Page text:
Frontline reported unaudited results for the three and six months ended June 30, 2022:
• Net income of $47.1 million, or $0.23 per basic and diluted share for the second quarter of 2022.
• Adjusted net income of $42.5 million, or $0.21 per basic and diluted share for the second quarter of 2022.
• Declared a cash dividend of $0.15 per share for the second quarter of 2022.
• Reported total operating revenues of $300.4 million for the second quarter of 2022.
• Reported spot TCEs for VLCCs, Suezmax tankers and LR2 tankers in the second quarter of 2022 were $16,400, $26,500 and $38,600 per day, respectively.
• For the third quarter of 2022, we estimate spot TCE on a load-to-discharge basis of $28,100 contracted for 73% of vessel days for VLCCs, $45,000 contracted for 73% of vessel days for Suezmax tankers and $46,200 contracted for 62% of vessel days for LR2 tankers.
• Announced the signing of a definitive combination agreement for a stock-for-stock combination between Frontline and Euronav NV (“Euronav”) (NYSE & Euronext: EURN) to create a leading global independent oil tanker operator which on a combined basis would own and operate 68 VLCCs and 56 Suezmax tankers, and 20 LR2/Aframax tankers.
• Took delivery of the VLCC newbuildings, Front Alta and Front Tweed, from Hyundai Heavy Industries (“HHI”) in April and June 2022, respectively.
• Entered into two senior secured term loan facilities in April and July 2022 for a total amount of up to $356.4 million at attractive terms to refinance two existing term loan facilities maturing in the first quarter of 2023.
Lars H. Barstad, Chief Executive Officer of Frontline Management AS, commented:
“Frontline’s fleet of LR2 tankers took center stage in the second quarter of 2022 during which period we achieved the highest quarterly TCE we have recorded on this vessel class. Sanctions on Russian oil and other products disrupted trade lanes for refined products globally, causing both refinery margins and freight rates to rise. Crude oil transport has also been affected, and Suezmax tankers have seen increased utilization and freight rates, throughout the second quarter.
Frontline is proud to show solid earnings in the second quarter and to be able to distribute dividends. We have over the last several quarters pointed to what we believe will be a cyclical up-turn for tankers, and this view has only been further cemented during the first half of the year. Supply and demand for oil and product transportation has gradually been tightening as the world recovers from the COVID-19 pandemic, and a pivotal point seems to have been found. With the lowest orderbook as a percentage of the fleet seen in decades, and oil supply and demand normalizing, we believe this bodes well for the years to come.
Frontline announced on the 11th of July its intention for a stock-for-stock combination with Euronav, with full support from the respective Board of Directors, and we are moving diligently forward to what ultimately will create an unparalleled service offering to our customers and the largest listed tanker owner in the world.”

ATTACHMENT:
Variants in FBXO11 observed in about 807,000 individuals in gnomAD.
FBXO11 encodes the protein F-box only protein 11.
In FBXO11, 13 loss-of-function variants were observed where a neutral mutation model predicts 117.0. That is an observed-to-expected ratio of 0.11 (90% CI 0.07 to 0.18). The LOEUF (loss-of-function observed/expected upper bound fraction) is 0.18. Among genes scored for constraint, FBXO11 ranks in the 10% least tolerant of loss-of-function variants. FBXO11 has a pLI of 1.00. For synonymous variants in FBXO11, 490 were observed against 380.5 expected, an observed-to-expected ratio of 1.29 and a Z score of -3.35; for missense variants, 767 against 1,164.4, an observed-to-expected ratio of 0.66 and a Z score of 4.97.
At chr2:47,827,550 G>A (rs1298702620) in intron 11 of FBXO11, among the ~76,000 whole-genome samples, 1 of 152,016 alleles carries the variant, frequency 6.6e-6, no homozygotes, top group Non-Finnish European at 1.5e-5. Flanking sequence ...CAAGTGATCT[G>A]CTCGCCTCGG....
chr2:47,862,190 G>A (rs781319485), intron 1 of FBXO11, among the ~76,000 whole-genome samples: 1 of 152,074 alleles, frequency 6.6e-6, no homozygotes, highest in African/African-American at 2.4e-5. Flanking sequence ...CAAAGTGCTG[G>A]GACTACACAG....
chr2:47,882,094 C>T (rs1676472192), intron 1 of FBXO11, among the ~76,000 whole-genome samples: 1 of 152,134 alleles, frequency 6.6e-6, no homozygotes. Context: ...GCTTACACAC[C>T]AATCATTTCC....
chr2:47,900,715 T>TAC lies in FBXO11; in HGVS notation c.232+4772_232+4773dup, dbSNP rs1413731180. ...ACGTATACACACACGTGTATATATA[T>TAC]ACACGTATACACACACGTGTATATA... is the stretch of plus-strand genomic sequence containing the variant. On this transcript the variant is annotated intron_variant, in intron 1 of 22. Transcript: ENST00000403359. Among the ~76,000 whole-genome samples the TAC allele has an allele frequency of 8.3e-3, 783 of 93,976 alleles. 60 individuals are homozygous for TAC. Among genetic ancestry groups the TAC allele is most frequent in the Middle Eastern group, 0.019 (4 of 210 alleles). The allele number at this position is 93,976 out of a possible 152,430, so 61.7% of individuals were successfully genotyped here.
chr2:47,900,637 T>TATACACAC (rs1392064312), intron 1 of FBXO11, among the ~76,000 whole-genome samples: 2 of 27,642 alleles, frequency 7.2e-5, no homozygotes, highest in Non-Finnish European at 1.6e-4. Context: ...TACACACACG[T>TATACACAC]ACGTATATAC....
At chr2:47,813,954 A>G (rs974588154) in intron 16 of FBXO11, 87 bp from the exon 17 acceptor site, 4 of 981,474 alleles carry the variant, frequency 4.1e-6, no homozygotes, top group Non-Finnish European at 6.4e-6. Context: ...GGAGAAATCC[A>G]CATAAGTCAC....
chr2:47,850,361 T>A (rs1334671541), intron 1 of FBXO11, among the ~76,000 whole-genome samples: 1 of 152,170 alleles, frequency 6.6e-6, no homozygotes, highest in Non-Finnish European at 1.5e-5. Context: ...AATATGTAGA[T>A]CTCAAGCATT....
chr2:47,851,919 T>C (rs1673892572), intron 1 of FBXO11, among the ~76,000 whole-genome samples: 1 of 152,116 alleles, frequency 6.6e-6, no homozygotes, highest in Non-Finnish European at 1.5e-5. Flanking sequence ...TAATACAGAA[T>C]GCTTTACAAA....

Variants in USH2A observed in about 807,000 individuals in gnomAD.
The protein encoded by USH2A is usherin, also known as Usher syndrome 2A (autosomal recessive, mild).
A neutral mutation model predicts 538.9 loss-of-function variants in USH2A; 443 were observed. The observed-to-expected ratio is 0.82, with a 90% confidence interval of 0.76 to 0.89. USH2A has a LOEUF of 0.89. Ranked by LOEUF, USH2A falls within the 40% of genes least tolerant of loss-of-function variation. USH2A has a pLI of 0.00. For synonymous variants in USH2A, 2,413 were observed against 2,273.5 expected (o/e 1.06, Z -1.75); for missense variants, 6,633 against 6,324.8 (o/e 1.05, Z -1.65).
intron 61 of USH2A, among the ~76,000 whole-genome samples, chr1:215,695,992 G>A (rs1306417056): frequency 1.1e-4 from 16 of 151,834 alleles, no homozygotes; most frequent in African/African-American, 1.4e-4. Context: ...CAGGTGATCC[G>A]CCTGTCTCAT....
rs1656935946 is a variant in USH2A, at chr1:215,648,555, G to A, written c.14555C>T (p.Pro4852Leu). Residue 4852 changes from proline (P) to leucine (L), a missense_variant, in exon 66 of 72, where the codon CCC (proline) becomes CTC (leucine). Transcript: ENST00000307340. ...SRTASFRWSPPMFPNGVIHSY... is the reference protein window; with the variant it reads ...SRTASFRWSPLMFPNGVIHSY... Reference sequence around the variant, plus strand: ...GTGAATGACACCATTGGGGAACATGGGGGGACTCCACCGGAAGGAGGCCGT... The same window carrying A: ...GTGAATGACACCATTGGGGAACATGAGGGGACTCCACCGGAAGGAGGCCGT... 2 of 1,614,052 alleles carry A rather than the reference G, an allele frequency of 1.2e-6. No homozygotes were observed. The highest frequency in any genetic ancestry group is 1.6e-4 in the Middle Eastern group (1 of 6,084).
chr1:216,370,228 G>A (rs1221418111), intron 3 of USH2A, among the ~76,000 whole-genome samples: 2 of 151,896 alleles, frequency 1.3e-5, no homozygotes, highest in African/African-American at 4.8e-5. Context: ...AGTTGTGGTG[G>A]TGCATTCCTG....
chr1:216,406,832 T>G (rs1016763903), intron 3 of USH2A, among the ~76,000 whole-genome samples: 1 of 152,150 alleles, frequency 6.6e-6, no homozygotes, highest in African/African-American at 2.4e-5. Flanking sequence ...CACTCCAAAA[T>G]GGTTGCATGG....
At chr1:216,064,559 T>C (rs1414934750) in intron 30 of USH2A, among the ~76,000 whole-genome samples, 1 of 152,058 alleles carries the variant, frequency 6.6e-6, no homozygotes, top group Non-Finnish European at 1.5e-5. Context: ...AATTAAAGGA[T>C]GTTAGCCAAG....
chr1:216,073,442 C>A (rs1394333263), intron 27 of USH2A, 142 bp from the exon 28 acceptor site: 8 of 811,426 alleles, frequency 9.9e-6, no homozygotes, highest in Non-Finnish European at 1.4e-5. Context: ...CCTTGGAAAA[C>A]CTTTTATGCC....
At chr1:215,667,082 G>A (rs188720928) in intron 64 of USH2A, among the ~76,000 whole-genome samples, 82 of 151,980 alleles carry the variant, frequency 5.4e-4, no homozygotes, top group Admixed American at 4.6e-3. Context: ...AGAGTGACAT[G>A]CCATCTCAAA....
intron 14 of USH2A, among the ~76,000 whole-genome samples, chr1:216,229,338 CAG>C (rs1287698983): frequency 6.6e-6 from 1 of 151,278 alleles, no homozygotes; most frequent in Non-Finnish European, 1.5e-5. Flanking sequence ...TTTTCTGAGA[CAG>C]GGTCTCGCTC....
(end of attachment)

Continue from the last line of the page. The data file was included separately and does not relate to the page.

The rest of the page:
Inger M. Klemp, Chief Financial Officer of Frontline Management AS, added:
“In April and July 2022, we entered into two senior secured term loan facilities for a total amount of up to $356.4 million to refinance two existing term loan facilities with total balloon payments of $324.6 million maturing in the first quarter of 2023. The refinancing will reduce our borrowing costs and what we believe to be industry leading cash break even rates and maximize potential cash flow per share after debt service costs. We expect to refinance one further existing term loan facility with total balloon payments of $33.7 million due in the first quarter of 2023 prior to maturity.”
The estimated average daily cash breakeven rates are the daily TCE rates our vessels must earn to cover operating expenses including dry docks, repayments of loans, interest on loans, bareboat hire, time charter hire and net general and administrative expenses for the remainder of the year.
Spot estimates are provided on a load-to-discharge basis, whereby the Company recognizes revenues over time ratably from commencement of cargo loading until completion of discharge of cargo. The rates reported are for all contracted days up until the last contracted discharge of cargo for each vessel in the quarter. The actual rates to be earned in the third quarter of 2022 will depend on the number of additional days that we can contract, and more importantly the number of additional days that each vessel is laden. Therefore, a high number of ballast days at the end of the quarter will limit the amount of additional revenues to be booked on a load-to-discharge basis. Ballast days are days when a vessel is sailing without cargo and therefore, we are unable to recognize revenues on such days. Furthermore, when a vessel remains uncontracted at the end of the quarter, the Company will recognize certain costs during the uncontracted days up until the end of the period, whereas if a vessel is contracted, then certain costs can be deferred and recognized over the load-to-discharge period.
The recognition of revenues on a load-to-discharge basis results in revenues being recognized over fewer days, but at a higher rate for those days. Over the life of a voyage there is no difference in the total revenues and costs to be recognized as compared to a discharge-to-discharge basis.
When expressing TCE per day the Company uses the total available days, net of off hire days and not just the number of days the vessel is laden.